WIPO States: “The new interface offers the same search and filtering features as the previous interface but the display of information has been completely revised in order to provide a better user experience. The new interface also includes new interactive graphs to obtain statistical information.”

The old interface is expected to be discontinued in three months. It will not be updated during this three-month period.

The Database includes international, national and regional trade marks, INNs, appellations of origin under the Lisbon Agreement and emblems protected under Article 6ter.

WIPO will hold webinars explaining the main differences between the old and new interfaces during the week of 21 November. The webinars, which will be held on different dates and times, will be in English and last for about 20 minutes with a Q&A session.

More information is on WIPO’s website here.

Posted by: Blog Administrator @ 09.04
Tags: Global Brand Database, WIPO,
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Three key trade mark developments in China

Ms Haiyu Li and Tingxi Huo summarise CNIPA’s latest actions against trade mark hoarding; rules on supervising trade mark agents; and a court decision regarding letters of consent.

CNIPA’s latest actions against trade mark hoarding

The China National IP Administration (CNIPA) recently requires many companies that file a large number of trade mark applications to explain and/or prove the actual usage or the bona fide intention to use.

This is because the marks are suspected to be filed without intention to use according to Article 4 of the Chinese Trade Mark Law, which provides that malicious applications without intention to use shall be rejected.

According to the Chinese Trade Mark Examination Guidelines, effective as from 1 January 2022, Article 4 limits such acts as malicious applications without intention to use and trade mark hoarding.

The Guidelines interpret Article 4 as not applying to scenarios where an applicant applies for marks that are identical or similar to its registered marks for defensive purposes, or where an applicant predicts its future business and files a proper number of applications in advance.

To cope with the new situation, we suggest that bona fide applicants immediately consider these three types of action:

  1. For marks already in use, applicants should collect and submit supporting evidence such as documents proving the mark designing process, mark usage on office supplies and promotional materials, sales documents, etc.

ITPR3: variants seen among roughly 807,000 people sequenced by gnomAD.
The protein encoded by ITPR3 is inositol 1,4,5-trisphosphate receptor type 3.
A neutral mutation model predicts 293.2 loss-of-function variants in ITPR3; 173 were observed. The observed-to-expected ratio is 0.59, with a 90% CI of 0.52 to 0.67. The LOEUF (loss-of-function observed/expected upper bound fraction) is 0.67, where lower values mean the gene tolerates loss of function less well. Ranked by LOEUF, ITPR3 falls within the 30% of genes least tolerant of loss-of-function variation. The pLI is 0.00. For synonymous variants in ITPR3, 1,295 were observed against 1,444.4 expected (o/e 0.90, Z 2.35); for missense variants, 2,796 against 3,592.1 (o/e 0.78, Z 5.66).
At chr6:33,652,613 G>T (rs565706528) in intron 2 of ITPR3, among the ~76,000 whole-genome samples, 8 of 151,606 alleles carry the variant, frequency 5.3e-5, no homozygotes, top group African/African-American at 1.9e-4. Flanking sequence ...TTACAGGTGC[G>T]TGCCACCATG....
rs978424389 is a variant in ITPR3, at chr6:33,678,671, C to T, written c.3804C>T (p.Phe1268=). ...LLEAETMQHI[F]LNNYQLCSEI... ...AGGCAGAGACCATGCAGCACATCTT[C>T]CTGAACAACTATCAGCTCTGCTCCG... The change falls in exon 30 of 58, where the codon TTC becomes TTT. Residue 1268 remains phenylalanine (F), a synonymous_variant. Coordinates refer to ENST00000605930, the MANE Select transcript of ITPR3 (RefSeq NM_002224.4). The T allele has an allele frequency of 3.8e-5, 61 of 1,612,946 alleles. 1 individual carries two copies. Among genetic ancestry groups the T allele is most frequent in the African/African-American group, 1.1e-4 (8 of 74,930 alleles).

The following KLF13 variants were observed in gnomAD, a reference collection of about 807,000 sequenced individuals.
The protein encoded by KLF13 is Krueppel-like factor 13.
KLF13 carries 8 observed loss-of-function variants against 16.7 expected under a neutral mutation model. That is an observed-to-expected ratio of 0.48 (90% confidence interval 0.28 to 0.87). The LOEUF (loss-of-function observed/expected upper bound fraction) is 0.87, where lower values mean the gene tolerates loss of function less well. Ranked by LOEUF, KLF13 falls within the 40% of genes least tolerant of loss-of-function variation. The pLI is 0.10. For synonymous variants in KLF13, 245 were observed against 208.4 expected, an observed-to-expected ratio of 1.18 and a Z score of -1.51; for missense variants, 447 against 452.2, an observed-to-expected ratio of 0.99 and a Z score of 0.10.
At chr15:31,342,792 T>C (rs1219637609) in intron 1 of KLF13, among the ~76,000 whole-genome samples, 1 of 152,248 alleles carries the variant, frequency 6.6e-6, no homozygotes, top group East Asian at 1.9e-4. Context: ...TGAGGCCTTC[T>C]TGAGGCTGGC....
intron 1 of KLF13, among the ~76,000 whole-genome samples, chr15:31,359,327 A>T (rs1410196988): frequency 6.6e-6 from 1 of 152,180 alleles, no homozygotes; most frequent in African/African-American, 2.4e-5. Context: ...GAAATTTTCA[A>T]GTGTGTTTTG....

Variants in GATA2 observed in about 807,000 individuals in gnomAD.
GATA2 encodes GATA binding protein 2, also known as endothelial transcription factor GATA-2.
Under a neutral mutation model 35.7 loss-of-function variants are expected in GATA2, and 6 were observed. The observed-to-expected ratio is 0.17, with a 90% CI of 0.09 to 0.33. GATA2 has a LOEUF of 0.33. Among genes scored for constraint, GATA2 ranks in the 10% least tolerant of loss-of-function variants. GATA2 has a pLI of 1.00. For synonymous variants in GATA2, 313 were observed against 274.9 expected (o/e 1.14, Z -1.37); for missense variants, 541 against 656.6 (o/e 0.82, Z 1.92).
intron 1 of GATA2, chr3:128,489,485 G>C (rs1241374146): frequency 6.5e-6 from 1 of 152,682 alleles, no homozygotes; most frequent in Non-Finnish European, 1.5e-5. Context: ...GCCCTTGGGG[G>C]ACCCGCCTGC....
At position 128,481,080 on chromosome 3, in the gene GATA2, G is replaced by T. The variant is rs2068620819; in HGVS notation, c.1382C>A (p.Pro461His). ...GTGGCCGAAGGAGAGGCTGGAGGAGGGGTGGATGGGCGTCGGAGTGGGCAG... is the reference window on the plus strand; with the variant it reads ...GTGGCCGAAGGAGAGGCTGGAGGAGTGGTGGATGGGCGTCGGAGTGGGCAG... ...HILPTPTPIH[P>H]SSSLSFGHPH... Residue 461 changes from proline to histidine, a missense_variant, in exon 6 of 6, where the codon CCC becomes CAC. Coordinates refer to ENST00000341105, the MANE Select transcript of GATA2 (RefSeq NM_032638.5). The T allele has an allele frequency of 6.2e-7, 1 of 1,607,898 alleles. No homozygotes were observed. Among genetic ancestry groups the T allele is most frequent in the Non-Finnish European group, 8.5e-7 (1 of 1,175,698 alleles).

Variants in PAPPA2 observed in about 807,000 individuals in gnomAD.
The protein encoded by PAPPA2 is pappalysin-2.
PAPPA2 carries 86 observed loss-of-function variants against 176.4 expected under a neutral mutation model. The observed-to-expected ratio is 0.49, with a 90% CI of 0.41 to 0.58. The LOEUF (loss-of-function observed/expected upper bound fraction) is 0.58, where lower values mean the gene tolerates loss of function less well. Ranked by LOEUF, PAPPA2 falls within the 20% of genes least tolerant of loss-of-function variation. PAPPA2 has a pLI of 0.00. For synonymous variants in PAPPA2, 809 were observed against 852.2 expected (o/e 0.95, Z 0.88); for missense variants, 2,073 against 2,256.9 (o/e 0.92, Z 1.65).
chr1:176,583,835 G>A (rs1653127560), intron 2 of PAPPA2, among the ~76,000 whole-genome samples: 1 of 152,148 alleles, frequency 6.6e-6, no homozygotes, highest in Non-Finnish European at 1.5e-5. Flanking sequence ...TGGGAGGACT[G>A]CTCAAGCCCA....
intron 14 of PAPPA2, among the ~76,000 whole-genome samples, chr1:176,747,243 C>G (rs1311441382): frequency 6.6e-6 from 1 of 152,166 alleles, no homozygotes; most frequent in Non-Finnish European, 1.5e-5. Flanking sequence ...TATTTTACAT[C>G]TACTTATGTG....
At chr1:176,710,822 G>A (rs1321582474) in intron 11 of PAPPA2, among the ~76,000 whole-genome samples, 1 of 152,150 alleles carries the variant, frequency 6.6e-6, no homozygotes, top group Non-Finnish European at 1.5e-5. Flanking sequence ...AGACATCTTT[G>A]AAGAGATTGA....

2. For intent-to-use marks, applicants need to prove the rationality of the applications. In other words, applicants must show a realistic business plan for using the marks and the number of applications must be appropriate and/or reasonable.
  3. Regarding defensive marks, evidence proving the necessity and rationality of the applications may help. If the applicants had suffered much from piracy, they should stress that the applications were filed to more cost-efficiently prevent the long-bothering piracy.

If some applications cannot be classified into the three types, it is advisable to voluntarily withdraw them so that the remaining applications can be accepted.

Supervision and administration of trade mark agents

On 1 November 2022, CNIPA released the Rules on Supervising and Administrating Trade Mark Agents, effective as from 1 December 2022. These include five chapters and 43 rules, including regulations about the recordal of trade mark agents, code of conduct, supervision and punishment.

The Rules particularly provide that the trade mark agencies shall be recorded every three years. Because of the low threshold of trade mark agents, about 70,000 trade mark firms have been established in China and many are in irregular business. The recordal procedure is quite likely to eliminate the irregular ones and reduce the total.

The Rules have listed the illegal conducts, including the acts of assisting the filing, transfer, and abuse of bad faith marks. A firm or practitioner with illegal conducts will be punished and recorded in the official credit system, and accordingly, the firm or practitioner’s qualification to practise before the CNIPA might be suspended or terminated.

Hopefully, the Rules will large clean the trade mark services market and help to lift the professionalism of the Chinese trade mark agents.

Exceptional case: Beijing courts accept letters of consent